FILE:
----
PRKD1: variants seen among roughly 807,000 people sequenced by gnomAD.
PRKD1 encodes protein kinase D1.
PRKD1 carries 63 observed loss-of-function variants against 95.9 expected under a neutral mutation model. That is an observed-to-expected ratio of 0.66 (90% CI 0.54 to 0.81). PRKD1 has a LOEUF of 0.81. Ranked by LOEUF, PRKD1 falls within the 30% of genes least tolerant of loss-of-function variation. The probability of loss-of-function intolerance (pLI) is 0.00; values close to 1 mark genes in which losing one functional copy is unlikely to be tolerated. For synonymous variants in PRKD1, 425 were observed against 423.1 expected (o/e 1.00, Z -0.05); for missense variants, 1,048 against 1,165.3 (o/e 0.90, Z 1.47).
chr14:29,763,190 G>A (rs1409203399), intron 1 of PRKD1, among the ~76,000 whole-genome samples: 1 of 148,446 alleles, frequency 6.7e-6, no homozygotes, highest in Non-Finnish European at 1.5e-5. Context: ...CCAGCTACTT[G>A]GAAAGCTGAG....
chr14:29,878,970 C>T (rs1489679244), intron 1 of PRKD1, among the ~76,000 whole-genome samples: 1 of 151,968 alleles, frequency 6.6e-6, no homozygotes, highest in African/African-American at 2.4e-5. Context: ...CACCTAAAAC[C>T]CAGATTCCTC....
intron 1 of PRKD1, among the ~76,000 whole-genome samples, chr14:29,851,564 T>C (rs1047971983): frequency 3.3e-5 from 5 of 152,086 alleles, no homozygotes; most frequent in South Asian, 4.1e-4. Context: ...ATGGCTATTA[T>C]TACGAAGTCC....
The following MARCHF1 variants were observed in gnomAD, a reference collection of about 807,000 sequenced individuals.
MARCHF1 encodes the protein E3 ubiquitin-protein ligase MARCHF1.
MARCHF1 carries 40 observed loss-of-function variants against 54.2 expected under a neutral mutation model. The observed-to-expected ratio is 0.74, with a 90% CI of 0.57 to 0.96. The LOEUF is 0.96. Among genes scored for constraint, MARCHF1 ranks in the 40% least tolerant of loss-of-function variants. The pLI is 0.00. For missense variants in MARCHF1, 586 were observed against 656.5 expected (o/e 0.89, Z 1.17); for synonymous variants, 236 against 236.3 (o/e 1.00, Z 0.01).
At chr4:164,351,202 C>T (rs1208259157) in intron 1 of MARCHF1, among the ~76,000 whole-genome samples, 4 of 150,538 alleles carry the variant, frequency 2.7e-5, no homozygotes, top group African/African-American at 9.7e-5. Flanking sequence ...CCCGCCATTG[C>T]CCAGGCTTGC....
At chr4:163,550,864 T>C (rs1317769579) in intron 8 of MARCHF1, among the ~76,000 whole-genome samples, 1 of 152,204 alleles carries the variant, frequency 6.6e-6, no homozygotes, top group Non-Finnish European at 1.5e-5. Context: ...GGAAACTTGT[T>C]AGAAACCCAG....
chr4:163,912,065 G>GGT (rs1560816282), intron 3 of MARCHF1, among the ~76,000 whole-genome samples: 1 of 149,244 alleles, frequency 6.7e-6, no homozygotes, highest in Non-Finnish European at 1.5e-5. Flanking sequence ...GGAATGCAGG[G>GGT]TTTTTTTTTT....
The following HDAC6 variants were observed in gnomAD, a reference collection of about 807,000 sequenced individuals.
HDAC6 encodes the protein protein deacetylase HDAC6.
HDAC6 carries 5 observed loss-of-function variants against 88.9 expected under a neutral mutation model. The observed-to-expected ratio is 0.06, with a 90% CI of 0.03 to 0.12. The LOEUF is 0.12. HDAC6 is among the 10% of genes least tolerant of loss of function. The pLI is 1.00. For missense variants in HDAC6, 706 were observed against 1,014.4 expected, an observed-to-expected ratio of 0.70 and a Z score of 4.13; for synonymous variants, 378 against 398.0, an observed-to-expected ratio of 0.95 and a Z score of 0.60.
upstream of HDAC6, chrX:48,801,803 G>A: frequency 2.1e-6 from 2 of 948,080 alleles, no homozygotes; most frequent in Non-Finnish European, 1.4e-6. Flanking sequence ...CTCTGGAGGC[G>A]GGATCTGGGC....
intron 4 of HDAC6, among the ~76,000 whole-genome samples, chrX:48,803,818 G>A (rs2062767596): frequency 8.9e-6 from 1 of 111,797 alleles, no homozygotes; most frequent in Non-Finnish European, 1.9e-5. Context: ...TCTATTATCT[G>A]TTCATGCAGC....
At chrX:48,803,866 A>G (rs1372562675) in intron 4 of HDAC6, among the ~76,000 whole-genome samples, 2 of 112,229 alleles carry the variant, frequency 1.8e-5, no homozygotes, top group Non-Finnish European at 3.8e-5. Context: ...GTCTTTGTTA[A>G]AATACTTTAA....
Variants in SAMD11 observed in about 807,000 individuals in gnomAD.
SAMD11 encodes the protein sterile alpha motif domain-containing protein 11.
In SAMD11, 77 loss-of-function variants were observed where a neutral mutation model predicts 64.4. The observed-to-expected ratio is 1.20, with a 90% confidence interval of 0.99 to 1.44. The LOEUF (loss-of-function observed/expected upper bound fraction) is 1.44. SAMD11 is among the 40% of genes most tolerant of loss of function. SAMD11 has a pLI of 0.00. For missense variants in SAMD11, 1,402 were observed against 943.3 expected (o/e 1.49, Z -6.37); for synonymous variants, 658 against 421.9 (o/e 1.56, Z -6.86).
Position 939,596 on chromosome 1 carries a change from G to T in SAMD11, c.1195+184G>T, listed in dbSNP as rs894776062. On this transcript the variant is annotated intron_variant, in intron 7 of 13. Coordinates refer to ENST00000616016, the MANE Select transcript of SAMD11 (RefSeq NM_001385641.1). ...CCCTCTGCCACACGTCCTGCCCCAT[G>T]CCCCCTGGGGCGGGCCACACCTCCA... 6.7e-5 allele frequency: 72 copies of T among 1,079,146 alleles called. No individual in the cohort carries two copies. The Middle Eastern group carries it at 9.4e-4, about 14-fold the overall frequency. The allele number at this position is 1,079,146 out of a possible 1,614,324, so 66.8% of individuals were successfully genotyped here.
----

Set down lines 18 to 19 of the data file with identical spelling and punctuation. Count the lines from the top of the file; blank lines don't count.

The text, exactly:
At chrX:48,803,866 A>G (rs1372562675) in intron 4 of HDAC6, among the ~76,000 whole-genome samples, 2 of 112,229 alleles carry the variant, frequency 1.8e-5, no homozygotes, top group Non-Finnish European at 3.8e-5. Context: ...GTCTTTGTTA[A>G]AATACTTTAA....
Variants in SAMD11 observed in about 807,000 individuals in gnomAD.